What do they mean by “mumble rap?”: a study in culture

Sata Diakite, Contributing Writer

Magazines, blogs and talk shows covering the music industry subject the newest generation of rappers to criticism on many grounds, but one commentary that seems to appear more than any other is the idea that these young artists are mumbling, making their lyrics unintelligible.

Music media isn’t wrong. Rappers today do employ a different style than the community’s veterans. Coined “mumble rap,” the trend has become a loosely characterized subgenre of hip-hop, spread through online streaming services like SoundCloud.

Prominent mumble rap artists include but are not limited to: Lil Pump, 21 Savage, Lil Peep, Trippie Redd, Ski Mask the Slump God, Future and the Migos.

Interestingly, rappers are not placed under the umbrella of mumble rap just because they mumble, though some of them might. They’re rather put there because of the alleged lack of lyricism that is contrary to the traditional characteristics of hip-hop.

To be called a mumble rap artist is to be insulted by the rap community, though artists have started to embrace the title.

Many people, particularly “old-heads” — hip-hop fans nostalgic for the golden age of hip hop — believe mumble rap is deteriorating the quality of hip hop and isn’t “real” rap.

It’s true that hip-hop today is different compared to the hip-hop of the 1990’s, but the idea that the genre must remain the same is closed-minded, and incongruous to the ever-changing scope of music.

Mumble rap is not debasing hip hop.

To be called a mumble rap artist is to be insulted by the rap community, though artists have started to embrace the title.”

It is a different side of the genre that champions the production of the track as well as the persona of the artist, as opposed to the former focus on lyrics only.

In a way, mumble rap reflects the changing nature of music — as hip hop surpasses rock and country as the most popular genre, it will become increasingly complex in its forms.

One product of the changing landscape is Metro Boomin, a St. Louis-born producer with extensive ties to the trap and mumble rap circles. With his distinctive hard-hitting beats, it’s hard not to dance when a song of his comes on.

His catchy tags, “If young Metro don’t trust you” and “Metro Boomin wants some more…” get listeners more intrigued with the song than the artist rapping over the beat.

This is to say that we are living in the era of producers, and mumble rap is just one manifestation, as it promotes the beat of a song more than anything. That isn’t as bad as people make it out to be.

Producers have always had a strong presence in hip hop music because beat selection is essential. However, they haven’t historically had as much praise as producers today.

An article in Complex Magazine, one of the top sources for hip hop news, wrote: “The chart placement marks a high point in a trend that has been on the way for a while now: producers are moving from behind the scenes into the spotlight.”

This suggests that the mumble rap generation is helping to give credit to producers who should have always been receiving recognition. This stands in contrast to hip hop in the 1990’s, where the average listener was more into big superstar rappers like Tupac and Biggie.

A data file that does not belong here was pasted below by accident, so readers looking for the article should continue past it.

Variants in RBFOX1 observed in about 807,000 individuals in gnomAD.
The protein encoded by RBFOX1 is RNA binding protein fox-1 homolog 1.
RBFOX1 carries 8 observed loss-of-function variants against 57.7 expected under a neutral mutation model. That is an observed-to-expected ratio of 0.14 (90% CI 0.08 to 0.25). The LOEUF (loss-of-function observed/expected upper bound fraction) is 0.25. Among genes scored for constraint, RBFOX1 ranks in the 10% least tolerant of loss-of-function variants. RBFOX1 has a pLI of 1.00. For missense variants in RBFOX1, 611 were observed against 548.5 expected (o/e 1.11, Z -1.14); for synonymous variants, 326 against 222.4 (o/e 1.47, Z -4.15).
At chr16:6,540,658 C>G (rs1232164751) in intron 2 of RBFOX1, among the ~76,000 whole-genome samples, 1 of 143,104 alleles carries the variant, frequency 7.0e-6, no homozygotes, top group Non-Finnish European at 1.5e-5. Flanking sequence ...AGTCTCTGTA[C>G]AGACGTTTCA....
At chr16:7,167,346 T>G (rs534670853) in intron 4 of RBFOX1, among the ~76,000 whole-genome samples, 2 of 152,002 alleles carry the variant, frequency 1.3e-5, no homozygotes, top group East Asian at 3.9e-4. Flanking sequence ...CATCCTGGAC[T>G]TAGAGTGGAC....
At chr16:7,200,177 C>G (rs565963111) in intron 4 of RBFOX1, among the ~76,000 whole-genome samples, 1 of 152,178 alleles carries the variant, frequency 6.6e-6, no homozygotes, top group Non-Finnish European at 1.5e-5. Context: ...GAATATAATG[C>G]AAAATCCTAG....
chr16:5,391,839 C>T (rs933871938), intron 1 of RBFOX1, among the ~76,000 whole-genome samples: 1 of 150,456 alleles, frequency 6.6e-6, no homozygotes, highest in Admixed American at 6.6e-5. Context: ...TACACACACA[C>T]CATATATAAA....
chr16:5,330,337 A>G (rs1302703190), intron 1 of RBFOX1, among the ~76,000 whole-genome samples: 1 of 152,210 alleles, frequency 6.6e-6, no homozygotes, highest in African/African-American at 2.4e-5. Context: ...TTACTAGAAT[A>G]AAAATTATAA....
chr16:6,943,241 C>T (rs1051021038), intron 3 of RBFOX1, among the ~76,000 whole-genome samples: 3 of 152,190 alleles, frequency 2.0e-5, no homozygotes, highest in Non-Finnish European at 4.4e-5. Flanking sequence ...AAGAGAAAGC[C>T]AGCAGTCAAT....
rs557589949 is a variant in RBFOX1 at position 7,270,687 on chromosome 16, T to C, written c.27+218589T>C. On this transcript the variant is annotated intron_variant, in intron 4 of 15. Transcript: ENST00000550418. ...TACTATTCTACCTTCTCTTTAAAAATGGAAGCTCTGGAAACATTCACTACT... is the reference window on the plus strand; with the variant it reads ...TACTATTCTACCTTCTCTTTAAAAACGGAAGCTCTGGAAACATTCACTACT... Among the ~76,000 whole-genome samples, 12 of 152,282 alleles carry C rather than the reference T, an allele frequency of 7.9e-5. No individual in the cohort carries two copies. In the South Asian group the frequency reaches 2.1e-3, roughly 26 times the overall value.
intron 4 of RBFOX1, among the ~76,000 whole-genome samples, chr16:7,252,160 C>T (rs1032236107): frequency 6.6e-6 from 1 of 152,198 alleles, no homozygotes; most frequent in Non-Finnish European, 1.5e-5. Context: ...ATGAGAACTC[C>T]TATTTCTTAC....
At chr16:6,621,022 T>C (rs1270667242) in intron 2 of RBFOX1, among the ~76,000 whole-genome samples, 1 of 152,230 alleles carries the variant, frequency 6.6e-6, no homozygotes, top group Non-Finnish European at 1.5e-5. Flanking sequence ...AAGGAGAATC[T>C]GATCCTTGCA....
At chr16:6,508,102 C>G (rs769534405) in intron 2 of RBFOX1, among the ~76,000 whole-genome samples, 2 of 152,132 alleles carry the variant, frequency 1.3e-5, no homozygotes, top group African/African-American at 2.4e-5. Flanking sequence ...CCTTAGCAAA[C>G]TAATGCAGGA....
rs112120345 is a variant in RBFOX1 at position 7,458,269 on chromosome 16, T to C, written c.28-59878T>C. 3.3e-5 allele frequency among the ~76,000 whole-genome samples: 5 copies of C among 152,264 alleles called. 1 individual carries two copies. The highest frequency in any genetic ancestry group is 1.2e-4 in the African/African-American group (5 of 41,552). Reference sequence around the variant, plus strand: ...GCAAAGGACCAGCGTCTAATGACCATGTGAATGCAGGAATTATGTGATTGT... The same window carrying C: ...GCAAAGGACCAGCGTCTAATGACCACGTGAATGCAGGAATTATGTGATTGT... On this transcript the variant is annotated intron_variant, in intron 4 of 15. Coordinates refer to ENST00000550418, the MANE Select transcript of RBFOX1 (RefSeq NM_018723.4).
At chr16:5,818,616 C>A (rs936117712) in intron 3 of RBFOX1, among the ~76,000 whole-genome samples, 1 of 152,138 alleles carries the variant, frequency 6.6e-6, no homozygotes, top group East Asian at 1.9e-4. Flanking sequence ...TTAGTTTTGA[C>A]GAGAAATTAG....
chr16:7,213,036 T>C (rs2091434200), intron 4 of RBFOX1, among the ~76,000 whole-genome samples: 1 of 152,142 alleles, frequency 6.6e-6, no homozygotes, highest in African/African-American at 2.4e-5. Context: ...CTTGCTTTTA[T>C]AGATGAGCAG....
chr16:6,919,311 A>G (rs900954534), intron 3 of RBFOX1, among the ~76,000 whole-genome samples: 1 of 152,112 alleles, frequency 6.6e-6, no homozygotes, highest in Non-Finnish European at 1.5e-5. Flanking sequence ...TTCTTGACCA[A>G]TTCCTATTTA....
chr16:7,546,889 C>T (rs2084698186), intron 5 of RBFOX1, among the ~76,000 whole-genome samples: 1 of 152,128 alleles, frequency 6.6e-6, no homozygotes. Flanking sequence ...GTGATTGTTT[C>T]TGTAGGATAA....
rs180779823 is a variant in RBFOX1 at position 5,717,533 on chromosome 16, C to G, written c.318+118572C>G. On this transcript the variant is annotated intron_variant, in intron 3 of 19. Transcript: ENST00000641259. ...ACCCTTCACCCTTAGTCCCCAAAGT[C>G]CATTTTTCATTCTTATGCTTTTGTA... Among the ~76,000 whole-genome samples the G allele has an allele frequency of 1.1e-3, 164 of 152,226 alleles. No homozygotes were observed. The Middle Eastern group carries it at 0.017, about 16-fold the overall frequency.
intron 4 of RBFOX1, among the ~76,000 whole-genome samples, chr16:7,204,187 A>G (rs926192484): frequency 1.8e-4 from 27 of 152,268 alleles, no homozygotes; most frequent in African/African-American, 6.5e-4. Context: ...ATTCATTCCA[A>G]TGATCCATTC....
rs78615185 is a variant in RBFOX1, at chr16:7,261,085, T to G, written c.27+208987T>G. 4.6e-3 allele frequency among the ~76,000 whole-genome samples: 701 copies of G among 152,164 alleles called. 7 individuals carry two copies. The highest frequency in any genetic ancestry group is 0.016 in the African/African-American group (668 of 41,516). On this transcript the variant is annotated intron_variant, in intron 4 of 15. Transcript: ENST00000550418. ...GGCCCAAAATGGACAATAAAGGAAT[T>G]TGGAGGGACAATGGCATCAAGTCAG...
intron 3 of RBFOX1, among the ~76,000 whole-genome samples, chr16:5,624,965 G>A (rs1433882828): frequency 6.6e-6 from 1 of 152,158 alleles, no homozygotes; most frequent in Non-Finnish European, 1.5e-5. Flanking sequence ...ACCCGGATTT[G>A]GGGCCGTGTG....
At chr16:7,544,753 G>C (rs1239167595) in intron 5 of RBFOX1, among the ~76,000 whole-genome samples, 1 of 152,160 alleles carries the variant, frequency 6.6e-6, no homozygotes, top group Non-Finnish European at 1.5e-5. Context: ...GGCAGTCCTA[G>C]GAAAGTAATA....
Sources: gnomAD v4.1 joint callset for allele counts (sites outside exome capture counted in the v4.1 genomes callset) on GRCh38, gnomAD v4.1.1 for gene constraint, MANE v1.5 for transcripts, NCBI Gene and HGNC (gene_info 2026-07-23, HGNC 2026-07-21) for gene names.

Beats have always had an integral part of hip hop and it is refreshing to see a genre acknowledging the importance of the producer, which will bring the general public to acknowledge them as well.

This is not to say that in mumble rap the artist and their lyricism are completely lost. Artists like Ski Mask the Slump God have amazing wordplay, forceful punchlines, and flows that are unique in their own right.

Other rappers like 21 Savage have stories to tell about the hard life of being a gangster, similar to the subject material of older hip hop songs.

Therefore, the aspects of “real” rap aren’t totally lost in mumble rap.

However, mumble rap is more so about the artists’ voice and persona. And voice isn’t just figurative — Kodak Black, for example, has a very original delivery that makes people bob their heads as soon as a word is spoken.

There is something particularly pleasing about the sound of certain people rapping. It grabs you, regardless of the lyrics at hand, which is good for Kodak Black because it is definitely hard to understand him sometimes.

Lil Uzi Vert’s and Young Thug’s out-there personas carry them as artists.

Mumble rap champions these aspects fully, where other genres may only value them secretly.

I challenge people to look more broadly onto music rather than referring to what predecessors have done.

Music is always transforming and evolving. Hip hop is not any different.

There are artists in the newer generations of rappers like Kendrick Lamar, J.Cole and Joyner Lucas who are the “rappers’ rapper.” They please more traditional hip hop fans with their lyrical dexterity.

However, mumble rap artists aren’t that and aren’t trying to be that. They have impeccable beat selections, funky personas and distinctive voices.

They are in a league of their own, reminding us that there is far more to music than just lyrics.